The updated special publication offers guidance on countering threats to devices using Bluetooth, some versions of which provide only limited security.
Apple's move to kick Google Maps off of the iPhone and replace it with its own Maps product could have an impact on agency mapping apps -- and spell doom for TomTom.
Agency's CTO says mobile devices can allow for better productivity, increased data sharing with the public, support for BYOD, and even crowdsourcing app development.
The LinkRunner AT 2000 Network Auto-Tester from Fluke Networks isolates potential network setup and change problems.
Despite growing competition from Android and Apple, RIM says its security, support for BYOD policies and cross-platform management services appeal to agencies.
FAA regulations, including a requirement that UAS operators maintain a visual line of sight with the aircraft, are slowing scientific uses of technology, say developers.
The agency is building the architecture for the Defense Department's mobile network and expects to have it at least partly up and running by the end of the year.
Despite improvements in the efficiency of federal IT spending, the Obama administration's reform program has a long way to go, an official told a Senate subcommittee.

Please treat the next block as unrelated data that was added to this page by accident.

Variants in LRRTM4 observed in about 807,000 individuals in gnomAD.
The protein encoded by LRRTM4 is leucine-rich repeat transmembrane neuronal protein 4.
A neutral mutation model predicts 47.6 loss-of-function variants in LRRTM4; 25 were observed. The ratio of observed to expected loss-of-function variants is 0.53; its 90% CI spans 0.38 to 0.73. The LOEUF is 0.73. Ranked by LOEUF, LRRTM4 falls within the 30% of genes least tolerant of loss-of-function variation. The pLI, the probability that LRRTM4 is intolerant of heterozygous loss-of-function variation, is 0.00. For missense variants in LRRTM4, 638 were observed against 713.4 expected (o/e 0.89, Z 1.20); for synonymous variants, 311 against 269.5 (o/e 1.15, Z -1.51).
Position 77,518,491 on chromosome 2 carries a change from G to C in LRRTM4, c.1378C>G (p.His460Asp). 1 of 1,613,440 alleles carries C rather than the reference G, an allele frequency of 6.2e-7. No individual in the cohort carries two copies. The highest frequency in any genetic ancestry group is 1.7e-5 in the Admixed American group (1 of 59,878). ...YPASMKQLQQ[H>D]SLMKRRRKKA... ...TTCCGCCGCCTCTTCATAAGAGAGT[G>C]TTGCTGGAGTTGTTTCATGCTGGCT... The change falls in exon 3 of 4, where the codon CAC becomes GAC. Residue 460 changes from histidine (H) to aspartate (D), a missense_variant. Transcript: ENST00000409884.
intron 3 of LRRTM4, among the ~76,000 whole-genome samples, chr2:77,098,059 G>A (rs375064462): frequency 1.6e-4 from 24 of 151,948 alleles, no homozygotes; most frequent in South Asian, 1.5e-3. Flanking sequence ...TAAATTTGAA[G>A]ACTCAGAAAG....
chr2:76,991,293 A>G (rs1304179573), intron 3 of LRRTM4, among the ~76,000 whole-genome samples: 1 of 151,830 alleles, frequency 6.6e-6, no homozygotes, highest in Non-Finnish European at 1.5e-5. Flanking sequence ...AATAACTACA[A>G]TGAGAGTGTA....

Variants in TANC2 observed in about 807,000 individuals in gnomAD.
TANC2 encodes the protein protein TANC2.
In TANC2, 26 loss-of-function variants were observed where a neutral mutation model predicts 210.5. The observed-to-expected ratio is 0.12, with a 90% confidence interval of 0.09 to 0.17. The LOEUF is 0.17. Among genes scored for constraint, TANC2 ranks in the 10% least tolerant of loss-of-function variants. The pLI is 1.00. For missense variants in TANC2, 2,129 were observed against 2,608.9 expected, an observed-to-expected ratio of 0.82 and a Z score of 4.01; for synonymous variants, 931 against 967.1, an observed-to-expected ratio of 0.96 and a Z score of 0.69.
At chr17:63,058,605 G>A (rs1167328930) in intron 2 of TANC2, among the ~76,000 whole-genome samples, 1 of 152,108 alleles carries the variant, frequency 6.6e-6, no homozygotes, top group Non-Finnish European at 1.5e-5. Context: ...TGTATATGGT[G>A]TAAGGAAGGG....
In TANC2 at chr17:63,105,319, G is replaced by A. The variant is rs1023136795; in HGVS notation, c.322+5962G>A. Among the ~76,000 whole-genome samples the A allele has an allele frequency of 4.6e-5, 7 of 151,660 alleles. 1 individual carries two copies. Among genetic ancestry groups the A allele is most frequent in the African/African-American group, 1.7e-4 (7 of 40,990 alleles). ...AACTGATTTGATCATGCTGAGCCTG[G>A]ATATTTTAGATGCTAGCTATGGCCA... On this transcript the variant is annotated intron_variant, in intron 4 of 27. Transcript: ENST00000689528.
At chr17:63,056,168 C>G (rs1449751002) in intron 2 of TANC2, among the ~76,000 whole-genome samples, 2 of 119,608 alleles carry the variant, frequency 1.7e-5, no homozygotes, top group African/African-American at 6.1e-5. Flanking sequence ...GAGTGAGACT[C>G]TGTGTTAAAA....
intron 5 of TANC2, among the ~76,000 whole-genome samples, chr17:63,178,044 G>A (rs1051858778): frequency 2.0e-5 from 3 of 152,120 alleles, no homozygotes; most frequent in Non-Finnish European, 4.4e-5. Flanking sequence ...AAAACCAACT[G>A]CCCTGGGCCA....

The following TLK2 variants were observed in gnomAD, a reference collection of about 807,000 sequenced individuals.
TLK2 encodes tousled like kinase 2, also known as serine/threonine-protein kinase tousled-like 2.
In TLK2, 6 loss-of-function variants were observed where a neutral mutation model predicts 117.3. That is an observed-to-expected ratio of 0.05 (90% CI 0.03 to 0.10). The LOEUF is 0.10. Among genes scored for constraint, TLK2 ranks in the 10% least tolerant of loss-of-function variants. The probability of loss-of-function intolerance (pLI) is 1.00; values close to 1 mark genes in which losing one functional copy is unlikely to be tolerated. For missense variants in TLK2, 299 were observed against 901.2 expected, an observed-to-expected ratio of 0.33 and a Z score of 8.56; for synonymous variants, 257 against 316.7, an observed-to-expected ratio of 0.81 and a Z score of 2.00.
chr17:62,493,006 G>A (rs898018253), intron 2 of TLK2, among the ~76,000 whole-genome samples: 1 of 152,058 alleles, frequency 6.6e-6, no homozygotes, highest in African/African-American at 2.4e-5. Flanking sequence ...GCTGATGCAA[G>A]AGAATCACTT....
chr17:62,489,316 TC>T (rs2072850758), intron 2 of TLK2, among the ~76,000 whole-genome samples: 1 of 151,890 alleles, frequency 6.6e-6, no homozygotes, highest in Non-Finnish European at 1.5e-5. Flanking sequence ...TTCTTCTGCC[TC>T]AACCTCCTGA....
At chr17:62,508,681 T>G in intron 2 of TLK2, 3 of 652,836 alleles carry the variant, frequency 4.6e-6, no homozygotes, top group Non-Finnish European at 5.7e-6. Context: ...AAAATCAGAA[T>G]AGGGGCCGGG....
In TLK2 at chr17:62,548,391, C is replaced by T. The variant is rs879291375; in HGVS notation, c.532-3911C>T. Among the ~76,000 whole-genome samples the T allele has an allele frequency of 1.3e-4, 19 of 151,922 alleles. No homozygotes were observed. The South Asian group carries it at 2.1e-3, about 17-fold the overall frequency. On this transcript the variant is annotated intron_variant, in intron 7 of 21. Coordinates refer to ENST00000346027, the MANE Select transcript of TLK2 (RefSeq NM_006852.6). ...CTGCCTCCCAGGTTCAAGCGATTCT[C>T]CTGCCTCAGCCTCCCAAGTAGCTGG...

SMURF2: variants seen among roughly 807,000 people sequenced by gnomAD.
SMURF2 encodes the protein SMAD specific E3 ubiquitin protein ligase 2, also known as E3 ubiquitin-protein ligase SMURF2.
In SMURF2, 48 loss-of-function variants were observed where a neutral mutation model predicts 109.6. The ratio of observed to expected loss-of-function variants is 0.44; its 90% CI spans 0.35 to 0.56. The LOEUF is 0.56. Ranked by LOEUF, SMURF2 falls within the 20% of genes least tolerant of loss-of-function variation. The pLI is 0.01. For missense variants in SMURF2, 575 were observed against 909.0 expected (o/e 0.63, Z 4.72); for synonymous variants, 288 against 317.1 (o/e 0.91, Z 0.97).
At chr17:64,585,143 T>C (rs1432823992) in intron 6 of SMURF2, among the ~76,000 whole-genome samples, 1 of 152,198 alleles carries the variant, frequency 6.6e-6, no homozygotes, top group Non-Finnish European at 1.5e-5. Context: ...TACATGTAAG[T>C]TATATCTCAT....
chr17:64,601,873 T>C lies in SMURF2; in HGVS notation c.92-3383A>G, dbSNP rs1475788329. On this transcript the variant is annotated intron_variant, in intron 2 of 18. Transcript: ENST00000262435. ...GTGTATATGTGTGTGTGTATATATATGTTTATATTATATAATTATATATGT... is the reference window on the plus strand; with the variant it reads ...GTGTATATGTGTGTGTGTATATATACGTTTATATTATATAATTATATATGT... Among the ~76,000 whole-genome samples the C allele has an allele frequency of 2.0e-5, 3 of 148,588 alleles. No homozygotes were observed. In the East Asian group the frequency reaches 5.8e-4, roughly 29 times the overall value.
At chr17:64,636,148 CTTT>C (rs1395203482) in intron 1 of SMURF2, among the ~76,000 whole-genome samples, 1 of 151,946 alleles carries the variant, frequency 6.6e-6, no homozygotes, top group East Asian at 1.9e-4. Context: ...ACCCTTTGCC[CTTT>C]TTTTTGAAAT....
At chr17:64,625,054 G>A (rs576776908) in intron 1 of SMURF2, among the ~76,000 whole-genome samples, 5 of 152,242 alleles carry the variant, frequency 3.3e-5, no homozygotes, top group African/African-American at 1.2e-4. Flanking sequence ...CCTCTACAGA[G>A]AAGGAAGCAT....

Bartholomew County's IT staff found the point at which performance typically starts to suffer, and then found a way around it.
Virtual desktop environments can create I/O storms that clog performance, but new tools can keep traffic moving.
The Defense Department has launched a number of mobile device programs, but the devil is in the details when it comes to deploying handhelds past the wire.
The Army's new lab at Aberdeen Proving Ground tests and evaluates software and electronics bound for Network Integration Evaluation 12.2.
Many government departments and agencies have rid themselves of the most obvious efficiency offenders: small data centers, facilities previously marked for closure and IT resources deemed surplus to mission requirements.
New Defense Department approval means personnel can now use the BlackBerry 7 line of products across the department's enterprise network.
Successfully virtualizing some of its servers helped the Internal Revenue Service save $10.2 million in equipment costs over two years.